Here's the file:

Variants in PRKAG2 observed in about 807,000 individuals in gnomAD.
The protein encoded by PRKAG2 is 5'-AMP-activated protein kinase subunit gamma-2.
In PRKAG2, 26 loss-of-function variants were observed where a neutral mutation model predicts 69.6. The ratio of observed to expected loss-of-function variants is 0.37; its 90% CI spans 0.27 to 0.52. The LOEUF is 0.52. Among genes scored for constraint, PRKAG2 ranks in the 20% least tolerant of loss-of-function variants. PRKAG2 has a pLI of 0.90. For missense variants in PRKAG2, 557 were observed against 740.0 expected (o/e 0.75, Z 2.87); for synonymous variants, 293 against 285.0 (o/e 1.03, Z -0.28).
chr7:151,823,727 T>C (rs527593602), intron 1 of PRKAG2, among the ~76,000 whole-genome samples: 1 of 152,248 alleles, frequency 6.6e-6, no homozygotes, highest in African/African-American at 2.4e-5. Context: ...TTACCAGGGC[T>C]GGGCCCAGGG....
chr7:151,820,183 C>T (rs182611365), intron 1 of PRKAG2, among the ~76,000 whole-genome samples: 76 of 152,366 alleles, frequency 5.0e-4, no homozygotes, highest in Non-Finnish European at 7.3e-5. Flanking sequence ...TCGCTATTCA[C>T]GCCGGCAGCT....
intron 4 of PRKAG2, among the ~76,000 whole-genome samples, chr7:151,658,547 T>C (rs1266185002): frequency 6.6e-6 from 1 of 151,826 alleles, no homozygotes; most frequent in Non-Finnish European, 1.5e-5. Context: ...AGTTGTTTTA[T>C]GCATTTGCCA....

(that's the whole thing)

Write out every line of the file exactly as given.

Variants in PRKAG2 observed in about 807,000 individuals in gnomAD.
The protein encoded by PRKAG2 is 5'-AMP-activated protein kinase subunit gamma-2.
In PRKAG2, 26 loss-of-function variants were observed where a neutral mutation model predicts 69.6. The ratio of observed to expected loss-of-function variants is 0.37; its 90% CI spans 0.27 to 0.52. The LOEUF is 0.52. Among genes scored for constraint, PRKAG2 ranks in the 20% least tolerant of loss-of-function variants. PRKAG2 has a pLI of 0.90. For missense variants in PRKAG2, 557 were observed against 740.0 expected (o/e 0.75, Z 2.87); for synonymous variants, 293 against 285.0 (o/e 1.03, Z -0.28).
chr7:151,823,727 T>C (rs527593602), intron 1 of PRKAG2, among the ~76,000 whole-genome samples: 1 of 152,248 alleles, frequency 6.6e-6, no homozygotes, highest in African/African-American at 2.4e-5. Context: ...TTACCAGGGC[T>C]GGGCCCAGGG....
chr7:151,820,183 C>T (rs182611365), intron 1 of PRKAG2, among the ~76,000 whole-genome samples: 76 of 152,366 alleles, frequency 5.0e-4, no homozygotes, highest in Non-Finnish European at 7.3e-5. Flanking sequence ...TCGCTATTCA[C>T]GCCGGCAGCT....
intron 4 of PRKAG2, among the ~76,000 whole-genome samples, chr7:151,658,547 T>C (rs1266185002): frequency 6.6e-6 from 1 of 151,826 alleles, no homozygotes; most frequent in Non-Finnish European, 1.5e-5. Context: ...AGTTGTTTTA[T>C]GCATTTGCCA....